Latin’s Least Discussed Identity: Ability

Latins Least Discussed Identity: Ability

Marin Creamer, Staff Writer

While Latin does a great job of talking about identity, ability is a social identifier that is seldom a part of the conversation. Society often stigmatizes ability, which makes it difficult for people with disabilities to share their experiences. Mr. Kanai, who started working at Latin this year, created the Chronic Illness and Disability affinity group to allow members of our community with disabilities to talk about what they are going through and how Latin’s community can be more aware and considerate.  
Although Latin works to accommodate chronic illnesses and disabilities, there is still room for improvement. Ms. Sutter, who has worked at Latin for ten years, comments, “We’ve come a long way as an institution when it comes to disabilities.” She explains, when she started working at Latin, “the onus was on me to find a solution to my ‘accommodation issues.’” Rather than supporting her, her employers gave her the responsibility of handling her own illness/disability in addition to the “energy drain” she experiences as she “constantly operates at an altered level of ability.” Fortunately, she has since formed “more of a partnership between [herself] and various offices to come up with solutions together.” She emphasizes the need for “the support and services offered… to be more widely communicated” as many people are “likely unaware that channels exist to ask for and receive accommodations.” 
Co-head of the affinity group Caroline Creamer adds, “With an invisible illness, it’s much harder for people to understand how to accommodate the student.” Not only are accommodations not advertised to students, but it is difficult for people providing extra support to empathize when they can’t see what someone is experiencing. Caroline gives an example, “When teachers see a student on crutches, they know exactly what accommodations to provide.” Meanwhile, “due to the fact that most chronic illnesses and disabilities are invisible, it makes them harder to understand,” resulting in a lack of support.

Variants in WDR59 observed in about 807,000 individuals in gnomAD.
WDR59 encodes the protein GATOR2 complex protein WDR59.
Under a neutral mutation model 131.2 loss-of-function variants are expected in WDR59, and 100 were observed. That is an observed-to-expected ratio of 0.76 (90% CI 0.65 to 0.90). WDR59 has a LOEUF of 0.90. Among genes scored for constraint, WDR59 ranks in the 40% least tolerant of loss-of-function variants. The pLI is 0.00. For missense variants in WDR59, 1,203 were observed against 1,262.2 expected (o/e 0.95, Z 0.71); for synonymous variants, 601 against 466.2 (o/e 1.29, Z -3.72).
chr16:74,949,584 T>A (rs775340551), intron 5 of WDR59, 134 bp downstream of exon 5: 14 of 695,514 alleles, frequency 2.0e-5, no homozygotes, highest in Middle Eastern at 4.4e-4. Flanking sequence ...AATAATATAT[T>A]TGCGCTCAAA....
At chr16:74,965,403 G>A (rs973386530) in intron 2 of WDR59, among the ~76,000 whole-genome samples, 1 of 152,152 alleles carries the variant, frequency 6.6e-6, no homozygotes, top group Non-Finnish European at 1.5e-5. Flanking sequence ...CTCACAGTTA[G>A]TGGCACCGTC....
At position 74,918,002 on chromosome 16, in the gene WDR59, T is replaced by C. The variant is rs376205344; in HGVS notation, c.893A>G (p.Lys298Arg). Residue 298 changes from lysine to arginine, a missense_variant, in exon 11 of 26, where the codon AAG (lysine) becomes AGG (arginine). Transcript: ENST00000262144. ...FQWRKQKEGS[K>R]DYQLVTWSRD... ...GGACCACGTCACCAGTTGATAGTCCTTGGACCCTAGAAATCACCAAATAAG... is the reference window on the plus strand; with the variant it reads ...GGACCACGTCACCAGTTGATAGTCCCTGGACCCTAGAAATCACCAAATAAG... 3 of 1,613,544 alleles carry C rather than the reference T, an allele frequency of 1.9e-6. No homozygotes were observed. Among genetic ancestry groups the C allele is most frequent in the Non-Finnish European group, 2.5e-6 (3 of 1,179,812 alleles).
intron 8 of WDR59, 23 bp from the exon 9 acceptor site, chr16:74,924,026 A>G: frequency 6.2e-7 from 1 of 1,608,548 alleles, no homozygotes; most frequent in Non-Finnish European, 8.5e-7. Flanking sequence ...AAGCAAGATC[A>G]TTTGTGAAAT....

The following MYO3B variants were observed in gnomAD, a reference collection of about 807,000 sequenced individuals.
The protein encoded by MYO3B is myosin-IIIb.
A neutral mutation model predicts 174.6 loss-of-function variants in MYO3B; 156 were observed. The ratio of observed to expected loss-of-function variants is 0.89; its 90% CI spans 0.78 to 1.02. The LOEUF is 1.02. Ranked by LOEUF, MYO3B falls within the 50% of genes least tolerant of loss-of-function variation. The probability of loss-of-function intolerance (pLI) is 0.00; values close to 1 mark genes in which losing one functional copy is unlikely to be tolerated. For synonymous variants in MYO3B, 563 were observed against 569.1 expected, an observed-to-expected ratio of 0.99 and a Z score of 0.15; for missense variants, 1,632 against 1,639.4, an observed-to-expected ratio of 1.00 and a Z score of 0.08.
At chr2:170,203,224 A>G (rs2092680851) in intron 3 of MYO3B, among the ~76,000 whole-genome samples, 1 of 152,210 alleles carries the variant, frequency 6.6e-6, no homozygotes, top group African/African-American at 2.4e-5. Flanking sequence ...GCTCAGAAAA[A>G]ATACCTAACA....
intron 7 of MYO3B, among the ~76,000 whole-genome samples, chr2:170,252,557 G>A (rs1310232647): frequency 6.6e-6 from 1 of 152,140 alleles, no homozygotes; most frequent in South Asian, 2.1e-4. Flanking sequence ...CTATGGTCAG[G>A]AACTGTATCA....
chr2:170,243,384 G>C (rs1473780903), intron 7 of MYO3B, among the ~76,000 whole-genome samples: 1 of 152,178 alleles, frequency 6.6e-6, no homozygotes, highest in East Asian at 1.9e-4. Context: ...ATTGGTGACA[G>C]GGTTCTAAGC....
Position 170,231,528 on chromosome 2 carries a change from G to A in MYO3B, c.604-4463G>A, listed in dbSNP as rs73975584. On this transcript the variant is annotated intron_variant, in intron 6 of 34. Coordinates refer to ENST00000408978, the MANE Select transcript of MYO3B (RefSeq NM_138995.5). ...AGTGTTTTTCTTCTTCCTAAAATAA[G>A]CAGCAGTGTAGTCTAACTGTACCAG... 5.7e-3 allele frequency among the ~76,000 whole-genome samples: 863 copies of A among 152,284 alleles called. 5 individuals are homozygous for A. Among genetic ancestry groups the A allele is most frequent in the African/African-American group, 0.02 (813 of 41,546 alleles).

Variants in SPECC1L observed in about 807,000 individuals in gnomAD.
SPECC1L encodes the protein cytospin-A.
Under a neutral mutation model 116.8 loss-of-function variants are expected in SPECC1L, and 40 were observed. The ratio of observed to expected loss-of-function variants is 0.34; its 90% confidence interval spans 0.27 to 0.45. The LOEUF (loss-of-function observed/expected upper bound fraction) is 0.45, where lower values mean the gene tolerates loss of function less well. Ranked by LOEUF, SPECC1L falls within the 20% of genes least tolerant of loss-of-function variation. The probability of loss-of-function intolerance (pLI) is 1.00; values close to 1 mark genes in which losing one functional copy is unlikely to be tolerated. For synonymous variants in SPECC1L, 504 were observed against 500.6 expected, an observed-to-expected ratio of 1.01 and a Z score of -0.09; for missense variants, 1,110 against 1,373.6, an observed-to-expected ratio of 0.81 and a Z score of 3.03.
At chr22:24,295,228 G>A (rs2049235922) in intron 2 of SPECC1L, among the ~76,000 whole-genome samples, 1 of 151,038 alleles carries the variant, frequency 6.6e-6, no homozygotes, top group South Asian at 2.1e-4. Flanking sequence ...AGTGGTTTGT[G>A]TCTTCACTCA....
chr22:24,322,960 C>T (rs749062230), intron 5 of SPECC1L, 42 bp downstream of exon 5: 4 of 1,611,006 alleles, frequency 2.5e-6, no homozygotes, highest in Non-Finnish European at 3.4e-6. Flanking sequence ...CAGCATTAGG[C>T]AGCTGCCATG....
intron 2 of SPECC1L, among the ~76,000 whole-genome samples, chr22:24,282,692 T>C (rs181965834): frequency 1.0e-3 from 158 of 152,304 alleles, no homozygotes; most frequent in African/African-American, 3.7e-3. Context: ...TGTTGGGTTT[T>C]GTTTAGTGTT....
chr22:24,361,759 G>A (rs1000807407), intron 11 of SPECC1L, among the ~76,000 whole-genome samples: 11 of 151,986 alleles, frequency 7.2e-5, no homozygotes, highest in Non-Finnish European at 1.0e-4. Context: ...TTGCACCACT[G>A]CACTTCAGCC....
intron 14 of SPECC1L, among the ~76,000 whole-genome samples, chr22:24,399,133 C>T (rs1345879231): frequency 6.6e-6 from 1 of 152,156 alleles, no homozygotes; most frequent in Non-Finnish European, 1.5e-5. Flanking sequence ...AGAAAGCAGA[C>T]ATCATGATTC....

In order to become a more considerate community, Mr. Kanai highlights, “it starts with being mindful that many members of our community are in fact living with and managing chronic conditions every day” and “remembering that we all inhibit radically different bodies.” He offers the statistic, “Forty percent of Americans live with some form of chronic illness.” By understanding that “assuming perfect health from people around us… ultimately harms everyone,” Latin’s community can become more supportive.
Ms. Sutter continues, “illnesses and disabilities that aren’t visible are often simply overlooked and confusion exists regarding why a person who looks healthy needs an accommodation.” The inability for people to look past the fact that a person who appears healthy could have a chronic illness/disability stunts the progress Latin’s community has made to accept individuals faced with adversity. 
 Mr. Kanai agrees, “There seems to be a lot of growth we can make with awareness and sensitivity among both the student body and faculty.” Although it’s evident that Latin’s support system for people with chronic illnesses and disabilities has improved in the past ten years, Mr. Kanai references how when he hears “students talk about how other students or teachers either don’t believe they’re really sick, or try to minimize the impact of their illness, it tells [him] that we have work to do.” 
 Ms. Sutter believes the best way to combat insensitivity related to chronic illnesses and disabilities is to have “more conversations around chronic illness and disability.” By doing so, she believes we can “promote greater awareness and understanding of what they are” and realize “chronic illnesses take both a mental and physical toll.” She encourages people to “try getting dressed tomorrow while wearing a pair of gloves” to understand how much harder it is for her to complete daily tasks.  
An anonymous student joins in, saying  “it can be really frustrating to me… when I can’t get something done because of my illness, and my teachers are disappointed in me.” She mentions how when she is unable to complete an assignment because of her illness she feels “like a failure for something” she “can’t control.” 
Additionally, Mr. Kanai highlights the structural elements at Latin that factor into the issue that “access for people who use wheelchairs” is minimal and “the elevator is painfully slow.” In order to become a more inclusive environment to those with disabilities, it’s important to consider how everyday things like walking up the stairs can prove difficult for others.